Check the results out here:  Griffith University Swim Study  

It proves that children who were taught to swim by 5 years, had statistically higher IQs!

“Some of what you learn in the classroom is similar to what you learn in a pool,” said lead study author Robyn Jorgensen, Ph.D., a professor and senior fellow at the Griffith Institute for Educational Research.

“While we expected the children to show better physical development and perhaps be more confident through swimming, the results in literacy and numeracy really shocked us,” lead researcher Jorgensen said.

Called the Early Years Swimming research project, it included data with 45-swim schools across the globe, including SWIMkids USA in Mesa. Researchers surveyed the parents of more than 7,000 children age 5 and under and found that the age kids learned to swim correlated with when they began accomplishing certain skills.

5-Reasons to Swim All Year

  • Jorgensen’s study found, the earlier the child started and the longer they remained in the swimming lessons, the greater the gains.
  • Children taught to swim at an early age hit some physical and developmental milestones faster than those who learn later in life.
  • In pre-school, early swimmers had better visual-motor skills (like cutting paper and drawing lines and shapes), but also fared better as they got older (i.e. understanding directions, math, and writing and reading skills).
  • There’s a synergy between language and action with swimming that’s essential for many cognitive and motor skills as children grow older. Small children learn to hear language and make connections with their bodies (for example, counting to 10 while kicking during a swim class)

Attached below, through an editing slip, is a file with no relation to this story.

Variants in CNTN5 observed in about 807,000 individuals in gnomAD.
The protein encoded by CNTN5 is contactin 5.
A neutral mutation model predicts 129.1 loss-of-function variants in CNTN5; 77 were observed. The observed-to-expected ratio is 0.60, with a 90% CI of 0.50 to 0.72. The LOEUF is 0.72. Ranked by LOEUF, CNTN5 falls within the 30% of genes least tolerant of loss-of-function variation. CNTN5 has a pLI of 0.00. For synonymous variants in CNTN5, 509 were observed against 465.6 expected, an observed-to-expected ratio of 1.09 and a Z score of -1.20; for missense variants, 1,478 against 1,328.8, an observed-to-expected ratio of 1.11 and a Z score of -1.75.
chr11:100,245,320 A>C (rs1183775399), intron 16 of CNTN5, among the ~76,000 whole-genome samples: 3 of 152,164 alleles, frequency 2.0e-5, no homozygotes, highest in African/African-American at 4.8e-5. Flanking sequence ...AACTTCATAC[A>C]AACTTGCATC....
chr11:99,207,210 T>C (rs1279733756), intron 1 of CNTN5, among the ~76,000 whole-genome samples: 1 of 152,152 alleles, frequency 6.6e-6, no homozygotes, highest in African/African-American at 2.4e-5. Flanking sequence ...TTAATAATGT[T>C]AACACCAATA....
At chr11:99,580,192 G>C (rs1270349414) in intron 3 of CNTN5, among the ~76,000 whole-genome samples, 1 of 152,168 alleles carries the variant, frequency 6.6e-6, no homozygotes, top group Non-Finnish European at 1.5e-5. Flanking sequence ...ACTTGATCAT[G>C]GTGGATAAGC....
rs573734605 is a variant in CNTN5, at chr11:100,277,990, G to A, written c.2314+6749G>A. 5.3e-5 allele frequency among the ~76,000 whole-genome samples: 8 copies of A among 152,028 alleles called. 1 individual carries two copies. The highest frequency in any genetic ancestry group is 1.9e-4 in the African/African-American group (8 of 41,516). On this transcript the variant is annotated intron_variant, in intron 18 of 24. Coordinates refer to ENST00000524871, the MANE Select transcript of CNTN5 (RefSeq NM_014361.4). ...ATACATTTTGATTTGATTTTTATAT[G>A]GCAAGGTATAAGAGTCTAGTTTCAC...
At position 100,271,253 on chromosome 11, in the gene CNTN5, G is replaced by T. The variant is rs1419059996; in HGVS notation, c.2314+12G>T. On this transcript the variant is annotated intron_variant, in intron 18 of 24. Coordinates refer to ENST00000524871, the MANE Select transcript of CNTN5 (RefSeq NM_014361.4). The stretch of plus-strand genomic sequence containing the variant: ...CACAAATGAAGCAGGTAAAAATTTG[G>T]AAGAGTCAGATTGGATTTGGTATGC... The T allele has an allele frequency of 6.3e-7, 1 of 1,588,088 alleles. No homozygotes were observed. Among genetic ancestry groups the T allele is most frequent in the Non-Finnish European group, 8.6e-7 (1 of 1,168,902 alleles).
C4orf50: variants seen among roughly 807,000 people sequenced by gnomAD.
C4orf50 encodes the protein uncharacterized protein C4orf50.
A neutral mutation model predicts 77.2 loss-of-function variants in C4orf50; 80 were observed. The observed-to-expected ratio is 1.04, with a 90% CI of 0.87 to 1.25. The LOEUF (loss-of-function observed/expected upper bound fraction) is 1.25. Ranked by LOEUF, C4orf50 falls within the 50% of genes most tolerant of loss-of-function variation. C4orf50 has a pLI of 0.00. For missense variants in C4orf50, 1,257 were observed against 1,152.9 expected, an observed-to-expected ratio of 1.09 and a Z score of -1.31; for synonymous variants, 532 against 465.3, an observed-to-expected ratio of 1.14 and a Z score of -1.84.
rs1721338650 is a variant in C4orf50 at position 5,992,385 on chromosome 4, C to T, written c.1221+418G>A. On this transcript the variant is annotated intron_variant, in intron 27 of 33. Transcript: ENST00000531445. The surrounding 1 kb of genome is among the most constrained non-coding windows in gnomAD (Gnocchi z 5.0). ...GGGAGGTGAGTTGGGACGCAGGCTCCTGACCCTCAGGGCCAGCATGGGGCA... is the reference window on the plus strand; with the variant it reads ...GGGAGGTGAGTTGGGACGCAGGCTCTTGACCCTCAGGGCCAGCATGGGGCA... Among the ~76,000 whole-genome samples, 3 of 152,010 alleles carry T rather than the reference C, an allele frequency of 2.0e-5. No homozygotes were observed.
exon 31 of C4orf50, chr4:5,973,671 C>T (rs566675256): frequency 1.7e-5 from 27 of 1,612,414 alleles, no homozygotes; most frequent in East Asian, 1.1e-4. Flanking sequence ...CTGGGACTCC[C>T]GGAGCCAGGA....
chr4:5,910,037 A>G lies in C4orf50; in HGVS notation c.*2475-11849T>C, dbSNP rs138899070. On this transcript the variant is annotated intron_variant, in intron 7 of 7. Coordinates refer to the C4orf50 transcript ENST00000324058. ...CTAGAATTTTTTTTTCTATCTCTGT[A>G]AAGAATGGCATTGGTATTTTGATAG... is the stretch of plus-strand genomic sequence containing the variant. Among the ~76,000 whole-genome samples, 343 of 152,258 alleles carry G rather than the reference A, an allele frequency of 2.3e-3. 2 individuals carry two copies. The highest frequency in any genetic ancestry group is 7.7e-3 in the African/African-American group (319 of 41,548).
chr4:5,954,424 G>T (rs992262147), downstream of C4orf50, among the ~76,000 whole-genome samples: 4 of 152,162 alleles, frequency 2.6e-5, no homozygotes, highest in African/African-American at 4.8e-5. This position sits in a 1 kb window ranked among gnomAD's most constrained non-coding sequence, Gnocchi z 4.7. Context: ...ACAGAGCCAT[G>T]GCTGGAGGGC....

• It doesn’t take long to see the effects. When researchers observed swimming lessons, they found that the students’ eyes blinked in preparation for the ready cue — “one, two, three, go! ” — showing that young kids can understand language and react accordingly even if they can’t communicate everything clearly.

From swim lessons to swim teams, the professionals at SWIMkids USA know how to help your child experience learning success. Also, if you don’t visit us all-year-round, you are missing another way Lance rocks your child’s world.

No matter what the season, it is Lance who creates the ever-rotating and always beautiful welcome displays around the facility that reflects the business of the organization he helped create: SWIMkids USA -where children love to learn.

May is “National Drowning Prevention Month

Swim lessons save lives. Our parents have shared stories of seeing their child use a skill they learned in class to help themselves when they got in an uncertain situation in the water. We are thrilled to help parents in their effort to make their child safer around water!

No matter how old your children are, you have the power to affect their development and even their success in life. By selecting activities for them that contribute to their emotional and physical development, you are helping them to achieve their dreams and assisting them with becoming self-confident and optimistic adults.

#1 SWIM LESSONS REDUCE THE RISK OF DROWNING
A case-controlled study conducted by Ruth Brenner and her colleagues discovered that participation in formal swimming lessons can reduce the risk of drowning by 88% among children aged one to four years. The authors concluded that swimming lessons “should be considered for inclusion as part of a complete prevention program.” In a case-controlled study in rural China, Dr. L. Yang and his associates reported a 40% reduction in drowning risk in open bodies of water for children participating in formal swimming lessons.”[1]